PITTSBURGH — If it seemed as if Adam Fox was playing with a heightened level of energy and purpose in the first two games of the Rangers’ first-round playoff series against the Pittsburgh Penguins, the reigning Norris Trophy winner had a simple explanation as to why.
It’s the postseason, silly.
“I mean, I think it’s just the playoffs,’’ Fox said after Saturday’s morning skate as the Rangers prepared for Game 3 of the series at PPG Paints Arena. “Everyone’s going to up their game, bring a different level of intensity. It’s not Game 62 of a regular season. It’s do-or-die at this part of the year, so I think everyone’s upping their game. I think everyone’s bringing a different level of intensity. And I think that’s what we’re going to need to win here.’’
The Jericho native had a brilliant start to the season and seemingly was well on his way to earning his second straight Norris Trophy before suffering an upper-body injury in a Jan. 27 game in Columbus.
At the time, he had seven goals and 40 assists through 44 games and led all NHL defensemen in scoring. The injury caused him to miss the final three games before the All-Star break and to miss the All-Star Game. He did not score at the same pace after the break, finishing with four goals and 23 assists in his final 34 games.
There were a couple of games in early March in which coach Gerard Gallant dressed seven defensemen in an effort to reduce ice time for Fox and his defense partner, Ryan Lindgren. Gallant rested both players (along with defenseman Jacob Trouba and forwards Chris Kreider and Mika Zibanejad) in the second-to-last game of the regular season once the Rangers’ shot at finishing first in the Metropolitan Division was gone.
Fox, 24, wouldn’t suggest he was in need of a rest during the season’s second half. But whether missing the one game helped or not, he did look much more like his first-half self in the first two games against Pittsburgh.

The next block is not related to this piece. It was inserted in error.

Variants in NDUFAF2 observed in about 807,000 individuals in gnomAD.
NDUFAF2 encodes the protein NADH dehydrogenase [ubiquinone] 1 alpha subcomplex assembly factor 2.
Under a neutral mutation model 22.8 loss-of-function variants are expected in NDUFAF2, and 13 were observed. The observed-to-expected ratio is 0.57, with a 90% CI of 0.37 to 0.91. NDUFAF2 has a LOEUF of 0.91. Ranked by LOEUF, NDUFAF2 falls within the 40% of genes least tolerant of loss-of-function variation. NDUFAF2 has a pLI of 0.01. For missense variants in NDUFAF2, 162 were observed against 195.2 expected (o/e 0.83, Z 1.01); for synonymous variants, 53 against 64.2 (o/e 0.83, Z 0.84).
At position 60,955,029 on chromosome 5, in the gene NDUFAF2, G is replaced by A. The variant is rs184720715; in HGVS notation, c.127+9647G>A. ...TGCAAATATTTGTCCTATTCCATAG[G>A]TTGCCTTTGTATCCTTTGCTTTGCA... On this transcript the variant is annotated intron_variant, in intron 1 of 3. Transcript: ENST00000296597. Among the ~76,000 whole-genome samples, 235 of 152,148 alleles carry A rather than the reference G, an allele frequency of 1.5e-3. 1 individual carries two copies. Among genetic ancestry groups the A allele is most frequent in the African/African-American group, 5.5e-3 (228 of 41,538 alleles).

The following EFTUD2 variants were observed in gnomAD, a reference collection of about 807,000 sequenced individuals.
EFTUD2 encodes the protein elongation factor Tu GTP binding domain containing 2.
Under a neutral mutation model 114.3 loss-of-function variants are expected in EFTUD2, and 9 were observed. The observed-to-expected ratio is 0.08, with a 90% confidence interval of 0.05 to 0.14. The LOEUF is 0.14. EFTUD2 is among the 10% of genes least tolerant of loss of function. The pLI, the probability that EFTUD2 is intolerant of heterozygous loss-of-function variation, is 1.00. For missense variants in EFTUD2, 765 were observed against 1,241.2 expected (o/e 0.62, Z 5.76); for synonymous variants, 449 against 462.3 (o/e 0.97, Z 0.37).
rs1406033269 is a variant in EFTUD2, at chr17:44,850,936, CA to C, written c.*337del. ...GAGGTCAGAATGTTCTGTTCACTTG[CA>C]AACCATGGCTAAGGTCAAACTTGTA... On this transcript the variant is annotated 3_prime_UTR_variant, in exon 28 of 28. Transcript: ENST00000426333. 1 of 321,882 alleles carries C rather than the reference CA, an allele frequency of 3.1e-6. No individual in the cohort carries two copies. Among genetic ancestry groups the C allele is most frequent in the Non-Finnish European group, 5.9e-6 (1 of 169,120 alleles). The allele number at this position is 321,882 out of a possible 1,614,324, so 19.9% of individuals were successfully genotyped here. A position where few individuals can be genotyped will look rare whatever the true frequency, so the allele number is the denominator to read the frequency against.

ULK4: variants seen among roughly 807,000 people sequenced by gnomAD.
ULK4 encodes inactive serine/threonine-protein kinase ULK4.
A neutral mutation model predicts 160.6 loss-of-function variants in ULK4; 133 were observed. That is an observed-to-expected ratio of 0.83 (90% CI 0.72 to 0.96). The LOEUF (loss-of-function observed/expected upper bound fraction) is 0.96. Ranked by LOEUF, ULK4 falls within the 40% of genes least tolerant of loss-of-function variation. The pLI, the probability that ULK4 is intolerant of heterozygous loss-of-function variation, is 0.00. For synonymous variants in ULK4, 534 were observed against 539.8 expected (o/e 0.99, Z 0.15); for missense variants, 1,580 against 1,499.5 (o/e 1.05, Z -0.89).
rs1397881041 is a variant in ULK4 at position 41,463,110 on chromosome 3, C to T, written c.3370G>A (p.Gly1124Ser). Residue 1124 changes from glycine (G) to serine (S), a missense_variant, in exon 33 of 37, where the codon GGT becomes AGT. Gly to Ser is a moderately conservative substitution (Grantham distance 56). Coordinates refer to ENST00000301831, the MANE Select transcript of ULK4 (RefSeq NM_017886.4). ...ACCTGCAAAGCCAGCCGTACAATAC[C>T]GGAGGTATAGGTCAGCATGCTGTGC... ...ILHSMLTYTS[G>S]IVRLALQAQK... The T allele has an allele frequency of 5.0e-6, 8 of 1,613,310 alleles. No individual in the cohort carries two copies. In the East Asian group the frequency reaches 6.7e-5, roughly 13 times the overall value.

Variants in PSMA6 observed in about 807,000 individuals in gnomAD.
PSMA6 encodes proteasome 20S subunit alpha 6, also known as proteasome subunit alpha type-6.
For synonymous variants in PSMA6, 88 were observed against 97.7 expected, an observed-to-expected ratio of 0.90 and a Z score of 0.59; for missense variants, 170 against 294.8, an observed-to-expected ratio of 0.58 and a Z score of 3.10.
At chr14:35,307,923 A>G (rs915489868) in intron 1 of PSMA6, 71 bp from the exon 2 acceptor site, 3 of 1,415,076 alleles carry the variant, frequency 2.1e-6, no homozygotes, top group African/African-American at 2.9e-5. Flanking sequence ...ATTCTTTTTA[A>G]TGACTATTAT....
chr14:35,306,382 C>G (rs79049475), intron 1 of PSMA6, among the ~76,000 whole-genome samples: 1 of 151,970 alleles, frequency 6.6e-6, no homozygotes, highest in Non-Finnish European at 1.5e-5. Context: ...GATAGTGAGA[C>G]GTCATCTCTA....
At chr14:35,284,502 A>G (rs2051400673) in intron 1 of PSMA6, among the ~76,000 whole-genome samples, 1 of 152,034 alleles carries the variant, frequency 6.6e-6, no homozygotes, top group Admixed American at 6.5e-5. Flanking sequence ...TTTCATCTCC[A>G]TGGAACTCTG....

He scored the first goal of the series during a power play at 9:19 of the first period in Game 1 and assisted on the Rangers’ second goal in Game 2, providing the shot that was tipped in by Ryan Strome for the Rangers’ second power-play goal of the series. It gave them a 2-1 lead at 2:59 of the second period.
His 44:28 on ice in the triple-overtime 4-3 Game 1 loss was tied with K’Andre Miller for the team lead, and his 23:25 in Game 2 was second on the team behind Trouba’s 24:03.
He also had to adjust to the loss of Lindgren, his regular defense partner, in Game 2. Lindgren was unable to play because of a lower-body injury suffered in Game 1 and again was out for Game 3.
Fox’s partner for Game 2, and likely for Game 3, was Justin Braun, who was acquired via trade from the Flyers at the March 21 deadline. Braun had been the seventh defenseman before being pressed into action.
The complication with Fox playing with the 35-year-old Braun, who had played in 101 playoff games entering Saturday, is that both are righthanded shooters.
So Braun, who plays on the left when he’s with Fox, is playing on his “off” side. But Fox said that wasn’t a problem in Game 2.
“Brauner’s been around a while,’’ he said. “He’s a smart player. You know, I’ve played with Lindy for so long, we have a little bit of comfort, reading off what we’re going to do. But I think besides the [lefthanded-righthanded difference], they both do a good job of reading off me and trying to know when I’m trying to go [join the rush] or anything like that. But I think they’re both simple, smart players, so it’s kind of easy for me to play with both.’’
The key to playing with another righthander, Fox said, is to talk more before and during the game.
“If I get on the left side, if he wants to come back and be on the left the whole time, or if I’m going to play the left on that shift,’’ Fox said, giving an example of the things he and Braun talk about. “So I think it’s just a little more talking in terms of positioning.
“But other than that, the handedness, I think if you’re making a pass, you’re looking where his stick is anyway.’’